By MICHAEL LIEDTKE
AP Technology Writer
SAN FRANCISCO (AP) — I won’t forget the first time I took a ride in a car without anyone sitting in the driver’s seat.
It happened one night last September when a Chevy Bolt named Peaches picked me up outside a San Francisco bar. Our ensuing half-hour ride together produced, at first, a titillating display of technology’s promise. Then an unexpected twist made me worry that the encounter had turned into a mistake I would regret.
Peaches and I were getting along great for most of our time together, as the car deftly navigated through hilly San Francisco streets similar to those Steve McQueen careened through during the famous chase scene in the 1968 film “Bullitt.” Unlike McQueen, Peaches never exceeded 30 mph (48 kph) because of restrictions imposed by state regulators on a ride-hailing service operated by Cruise, a General Motors subsidiary, since it won approval to transport fare-paying passengers last year.
It was all going so smoothly that I was starting to buy into the vision of Cruise and Waymo, a self-driving car pioneer spun off from a Google project that is also trying launch a ride-hailing service in San Francisco.
The theory fueling the ambition is that driverless cars will be safer than vehicles operated by frequently distracted and occasionally intoxicated humans — and, in the case of robotaxis, be less expensive and more convenient to ride in than automobiles that require a human behind the wheel.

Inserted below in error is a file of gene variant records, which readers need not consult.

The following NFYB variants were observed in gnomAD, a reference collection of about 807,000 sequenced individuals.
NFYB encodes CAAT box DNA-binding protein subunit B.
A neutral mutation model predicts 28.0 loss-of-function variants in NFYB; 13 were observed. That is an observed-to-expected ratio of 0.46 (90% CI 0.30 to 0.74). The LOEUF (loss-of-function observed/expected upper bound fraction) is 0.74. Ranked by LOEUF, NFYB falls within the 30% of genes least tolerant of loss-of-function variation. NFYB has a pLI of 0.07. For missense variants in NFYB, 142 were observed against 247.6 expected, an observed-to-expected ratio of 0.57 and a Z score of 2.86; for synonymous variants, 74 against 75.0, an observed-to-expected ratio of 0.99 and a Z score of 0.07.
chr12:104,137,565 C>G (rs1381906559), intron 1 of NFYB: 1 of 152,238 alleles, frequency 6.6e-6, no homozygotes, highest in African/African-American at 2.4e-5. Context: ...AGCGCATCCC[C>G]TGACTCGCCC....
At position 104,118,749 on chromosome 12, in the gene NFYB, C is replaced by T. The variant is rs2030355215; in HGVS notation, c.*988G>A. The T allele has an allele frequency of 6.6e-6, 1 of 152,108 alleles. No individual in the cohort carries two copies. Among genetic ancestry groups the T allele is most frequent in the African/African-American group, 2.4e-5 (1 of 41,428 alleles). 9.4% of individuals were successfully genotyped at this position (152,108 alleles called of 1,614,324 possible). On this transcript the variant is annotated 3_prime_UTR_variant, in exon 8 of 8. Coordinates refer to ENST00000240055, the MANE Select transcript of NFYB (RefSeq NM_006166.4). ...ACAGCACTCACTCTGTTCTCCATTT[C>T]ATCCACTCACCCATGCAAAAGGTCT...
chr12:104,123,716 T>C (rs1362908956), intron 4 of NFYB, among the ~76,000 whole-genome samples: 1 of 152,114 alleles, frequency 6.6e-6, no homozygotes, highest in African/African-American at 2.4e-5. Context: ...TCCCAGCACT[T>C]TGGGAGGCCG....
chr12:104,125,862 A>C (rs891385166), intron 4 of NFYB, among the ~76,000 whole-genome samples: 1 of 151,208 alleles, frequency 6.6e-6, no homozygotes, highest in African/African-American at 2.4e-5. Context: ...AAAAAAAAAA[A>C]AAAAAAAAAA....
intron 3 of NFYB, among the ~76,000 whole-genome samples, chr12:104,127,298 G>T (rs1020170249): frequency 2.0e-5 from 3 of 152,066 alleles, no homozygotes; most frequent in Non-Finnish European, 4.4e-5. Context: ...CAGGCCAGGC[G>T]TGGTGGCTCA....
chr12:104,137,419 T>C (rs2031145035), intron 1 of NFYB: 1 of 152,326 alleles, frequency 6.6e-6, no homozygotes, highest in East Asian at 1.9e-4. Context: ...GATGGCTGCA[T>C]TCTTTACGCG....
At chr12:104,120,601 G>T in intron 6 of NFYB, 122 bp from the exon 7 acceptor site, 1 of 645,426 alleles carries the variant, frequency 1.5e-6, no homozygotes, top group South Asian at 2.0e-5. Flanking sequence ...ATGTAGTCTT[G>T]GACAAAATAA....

The concept does sound good. And the technology to pull it off is advancing steadily, just like other artificial intelligence applications such as chatbots that can write college-level essays and produce impressive pieces of art within seconds.
But when something goes awry, as it did near the end of my encounter with Peaches, that sense of astonishment and delight can evaporate very quickly.
And even though none of the Cruise and Waymo driverless vehicles have been involved in major accidents in San Francisco, the robotaxis have been malfunctioning frequently enough to have triggered an intense resistance to proposed expansion that would allow them to operate around-the-clock throughout the city.
After postponing two previous votes on the proposed expansion in June and July amid the robotaxi backlash, the California Public Utilities Commission is scheduled to tackle the thorny issue Thursday — unless information presented at a Monday status conference prompts another delay.
My September ride with Peaches didn’t end well.
As we approached my designated drop-off location near the Fairmont Hotel — where presidents have stayed and the late Tony Bennett first sang “I Left My Heart In San Francisco” — Peaches advised me to gather my belongings and prepare to get out of the car.
While I grabbed my bag as the robotaxi appeared to be pulling over to the curb, it suddenly sped up and inexplicably started driving away in the opposite direction.
After seeing the dashboard display screen indicating I was now somehow an estimated 20 minutes away from my destination, I grew frantic. I asked Peaches what was going on. There was no response, so I used a feature on Cruise’s ride-hailing center that enables a passenger to contact a person at a call center.